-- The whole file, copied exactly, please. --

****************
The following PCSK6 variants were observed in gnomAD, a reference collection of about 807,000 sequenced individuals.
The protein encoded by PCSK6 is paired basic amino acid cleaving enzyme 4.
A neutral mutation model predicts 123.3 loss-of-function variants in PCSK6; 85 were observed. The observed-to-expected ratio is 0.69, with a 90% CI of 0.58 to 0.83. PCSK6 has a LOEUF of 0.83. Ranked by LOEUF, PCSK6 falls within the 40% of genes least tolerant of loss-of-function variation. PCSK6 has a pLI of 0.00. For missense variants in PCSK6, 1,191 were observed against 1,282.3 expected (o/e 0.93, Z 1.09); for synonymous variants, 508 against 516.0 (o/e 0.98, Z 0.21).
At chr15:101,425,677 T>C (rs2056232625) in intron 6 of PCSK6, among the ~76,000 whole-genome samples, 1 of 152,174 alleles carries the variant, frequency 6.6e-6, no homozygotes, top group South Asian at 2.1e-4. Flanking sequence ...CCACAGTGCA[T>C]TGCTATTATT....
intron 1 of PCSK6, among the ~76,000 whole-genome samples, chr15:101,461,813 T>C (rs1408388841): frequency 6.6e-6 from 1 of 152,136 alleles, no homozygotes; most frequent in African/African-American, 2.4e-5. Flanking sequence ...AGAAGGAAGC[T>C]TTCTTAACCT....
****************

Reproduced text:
The following PCSK6 variants were observed in gnomAD, a reference collection of about 807,000 sequenced individuals.
The protein encoded by PCSK6 is paired basic amino acid cleaving enzyme 4.
A neutral mutation model predicts 123.3 loss-of-function variants in PCSK6; 85 were observed. The observed-to-expected ratio is 0.69, with a 90% CI of 0.58 to 0.83. PCSK6 has a LOEUF of 0.83. Ranked by LOEUF, PCSK6 falls within the 40% of genes least tolerant of loss-of-function variation. PCSK6 has a pLI of 0.00. For missense variants in PCSK6, 1,191 were observed against 1,282.3 expected (o/e 0.93, Z 1.09); for synonymous variants, 508 against 516.0 (o/e 0.98, Z 0.21).
At chr15:101,425,677 T>C (rs2056232625) in intron 6 of PCSK6, among the ~76,000 whole-genome samples, 1 of 152,174 alleles carries the variant, frequency 6.6e-6, no homozygotes, top group South Asian at 2.1e-4. Flanking sequence ...CCACAGTGCA[T>C]TGCTATTATT....
intron 1 of PCSK6, among the ~76,000 whole-genome samples, chr15:101,461,813 T>C (rs1408388841): frequency 6.6e-6 from 1 of 152,136 alleles, no homozygotes; most frequent in African/African-American, 2.4e-5. Flanking sequence ...AGAAGGAAGC[T>C]TTCTTAACCT....